Parenting when you have cancer
Being a parent is challenging. It can be even more challenging when you have cancer. Not only do you have day-to-day family life to get on with, you also have to cope with appointments and treatment or you could be dealing with side effects like fatigue or nausea. It’s normal to worry a lot about your children who are still at home and how cancer affects them.
Children of all ages will have to cope with changing family roles and with their own feelings about a parent being ill. They may feel afraid, angry, sad or guilty. They may worry about how their own lives will change or feel abandoned when the family focuses on your illness. To help your children cope you can:
Stay consistent with rules. Your children need to know that you are still the parent – and in charge – even if you are unwell.
Help your child know what to expect. Explain what may happen to you physically and emotionally, such as loss of hair, nausea, tiredness, bloating or weight changes, effects of surgery, sadness or moodiness, forgetfulness and whatever other changes you think may occur. If you can, reassure children that even if there are rough times ahead, they will likely be temporary.
Maintain routines as much as possible. Encourage them to see their friends and do things they enjoy. Let them know in advance if a routine may change. If possible, let them help plan changes.
Continue to do things with them. Even if it’s just watching TV or helping with homework, it’s important. Talk to them about what’s going on in their lives.
Try to have one parent spend time with them every day. If you can't physically be with your children, phone, text or use video chat and focus solely on them – what their day was like, how a test went or how their hockey game was.
Ask a friend, relative or other trusted adult to spend extra time with them. Teenagers may find it easier to open up to someone other than their parents. Younger children may need to be looked after when you’re not feeling well. You can ask people to pick them up from school, drive them to lessons or have play dates and sleepovers.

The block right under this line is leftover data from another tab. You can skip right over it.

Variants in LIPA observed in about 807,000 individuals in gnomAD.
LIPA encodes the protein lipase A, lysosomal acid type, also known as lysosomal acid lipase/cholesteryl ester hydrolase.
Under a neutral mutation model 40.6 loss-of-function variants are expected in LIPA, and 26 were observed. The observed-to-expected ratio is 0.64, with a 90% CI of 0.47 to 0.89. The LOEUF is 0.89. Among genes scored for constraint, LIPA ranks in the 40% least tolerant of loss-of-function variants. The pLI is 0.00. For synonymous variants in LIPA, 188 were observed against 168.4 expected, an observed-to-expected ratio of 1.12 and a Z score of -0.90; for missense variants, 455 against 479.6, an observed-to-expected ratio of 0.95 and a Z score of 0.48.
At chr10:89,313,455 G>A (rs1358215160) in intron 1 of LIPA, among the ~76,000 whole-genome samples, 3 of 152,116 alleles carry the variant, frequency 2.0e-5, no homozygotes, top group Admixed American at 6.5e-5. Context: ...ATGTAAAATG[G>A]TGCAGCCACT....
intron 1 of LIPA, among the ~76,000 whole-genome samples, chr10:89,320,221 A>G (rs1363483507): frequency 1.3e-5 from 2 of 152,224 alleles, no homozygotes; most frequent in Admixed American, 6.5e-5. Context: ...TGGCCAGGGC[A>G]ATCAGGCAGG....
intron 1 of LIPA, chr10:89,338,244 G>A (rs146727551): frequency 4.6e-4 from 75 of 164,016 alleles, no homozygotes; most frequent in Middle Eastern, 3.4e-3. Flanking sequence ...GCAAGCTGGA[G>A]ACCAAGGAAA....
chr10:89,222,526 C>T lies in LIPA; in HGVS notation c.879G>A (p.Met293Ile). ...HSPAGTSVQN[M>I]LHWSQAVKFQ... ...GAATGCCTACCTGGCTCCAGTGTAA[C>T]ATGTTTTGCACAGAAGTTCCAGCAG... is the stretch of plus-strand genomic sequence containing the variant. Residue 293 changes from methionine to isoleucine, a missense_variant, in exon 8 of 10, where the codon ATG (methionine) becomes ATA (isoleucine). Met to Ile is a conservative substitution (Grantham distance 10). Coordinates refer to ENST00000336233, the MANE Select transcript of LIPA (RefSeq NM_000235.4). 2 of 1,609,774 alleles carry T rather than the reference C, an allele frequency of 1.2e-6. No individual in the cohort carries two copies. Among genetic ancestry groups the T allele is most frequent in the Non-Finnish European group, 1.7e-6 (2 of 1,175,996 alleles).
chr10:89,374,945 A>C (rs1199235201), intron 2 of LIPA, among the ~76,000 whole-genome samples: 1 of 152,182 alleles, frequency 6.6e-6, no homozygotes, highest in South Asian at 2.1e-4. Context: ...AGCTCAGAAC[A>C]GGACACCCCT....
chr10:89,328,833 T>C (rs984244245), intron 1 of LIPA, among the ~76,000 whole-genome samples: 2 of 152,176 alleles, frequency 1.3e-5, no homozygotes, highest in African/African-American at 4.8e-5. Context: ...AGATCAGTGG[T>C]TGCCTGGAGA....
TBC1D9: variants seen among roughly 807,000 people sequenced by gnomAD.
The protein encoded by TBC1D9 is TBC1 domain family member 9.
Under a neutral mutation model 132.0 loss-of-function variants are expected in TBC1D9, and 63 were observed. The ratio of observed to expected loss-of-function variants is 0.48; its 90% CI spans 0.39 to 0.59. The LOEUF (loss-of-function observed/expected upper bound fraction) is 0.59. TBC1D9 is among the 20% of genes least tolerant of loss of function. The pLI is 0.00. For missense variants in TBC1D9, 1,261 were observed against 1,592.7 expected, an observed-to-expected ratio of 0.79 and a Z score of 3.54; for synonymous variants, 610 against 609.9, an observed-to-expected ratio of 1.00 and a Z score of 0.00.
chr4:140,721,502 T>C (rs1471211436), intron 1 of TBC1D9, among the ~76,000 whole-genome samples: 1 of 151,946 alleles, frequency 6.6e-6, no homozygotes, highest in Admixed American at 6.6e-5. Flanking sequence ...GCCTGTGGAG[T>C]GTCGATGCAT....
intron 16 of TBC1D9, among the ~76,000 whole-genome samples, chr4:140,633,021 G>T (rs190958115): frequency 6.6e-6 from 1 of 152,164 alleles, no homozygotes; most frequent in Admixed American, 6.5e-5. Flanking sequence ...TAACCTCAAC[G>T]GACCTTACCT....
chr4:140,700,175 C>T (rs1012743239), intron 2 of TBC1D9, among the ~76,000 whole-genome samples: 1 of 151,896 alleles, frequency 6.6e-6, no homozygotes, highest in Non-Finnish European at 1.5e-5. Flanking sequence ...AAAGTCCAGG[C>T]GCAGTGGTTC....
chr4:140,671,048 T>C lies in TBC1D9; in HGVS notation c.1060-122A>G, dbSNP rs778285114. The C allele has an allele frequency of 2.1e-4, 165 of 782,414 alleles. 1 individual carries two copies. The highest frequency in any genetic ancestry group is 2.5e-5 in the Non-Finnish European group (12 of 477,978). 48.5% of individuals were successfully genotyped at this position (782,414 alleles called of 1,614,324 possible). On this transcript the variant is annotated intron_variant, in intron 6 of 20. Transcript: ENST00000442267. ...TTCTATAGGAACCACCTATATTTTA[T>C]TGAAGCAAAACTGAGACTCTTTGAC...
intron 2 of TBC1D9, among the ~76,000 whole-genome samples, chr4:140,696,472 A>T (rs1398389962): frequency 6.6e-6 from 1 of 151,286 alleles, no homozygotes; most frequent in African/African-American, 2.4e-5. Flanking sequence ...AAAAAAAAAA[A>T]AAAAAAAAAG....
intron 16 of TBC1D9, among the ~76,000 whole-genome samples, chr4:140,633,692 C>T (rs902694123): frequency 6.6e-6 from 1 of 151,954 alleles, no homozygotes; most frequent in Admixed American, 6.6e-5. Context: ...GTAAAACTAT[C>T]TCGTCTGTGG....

Tell other adults in your child’s life what’s going on. Teachers, school principals, guidance counsellors and other caregivers such as daycare staff, babysitters or coaches can help your children cope and may notice changes in behaviour that you aren’t aware of.
What’s normal behaviour?
If you’re concerned about big changes in your child’s behaviour, talk to your healthcare team. But all of these behaviours are normal:
Younger children may act out to get your attention. They may misbehave or become clingy or insecure, refusing to leave your side. Some children start acting younger than their age. They can also lose interest in some of their favourite activities or have trouble sleeping or with schoolwork. Sometimes younger children worry that they caused the cancer or that they might “catch” it.
Teenagers are able to understand more about your illness but may still struggle to cope. Some teenagers can seem indifferent, showing little emotion or withdrawing from you. Others may react with anger, act out or get into trouble. Teens may resent extra responsibilities or respond with offers of help and assurances of love – sometimes both in the same day.
It’s OK to need a break
It’s really hard as a parent to put yourself first. When you have cancer, you sometimes have to. And that’s OK. Taking care of yourself when you need to allows you to enjoy the time you have with your children.
You may have days when you feel too tired or ill to be an active parent. It is not selfish to take care of yourself. Let your partner take over more responsibility for a while, or ask your family or close friends for help for a day or even a few hours. Maybe all of the housework doesn’t need to be done, or you can skip helping out with the school fundraiser this time. Just focus on yourself and taking some time for you for a while.
Great progress has been made
Some cancers, such as thyroid and testicular, have survival rates of over 90%. Other cancers, such as pancreatic, brain and esophageal, continue to have very low survival rates.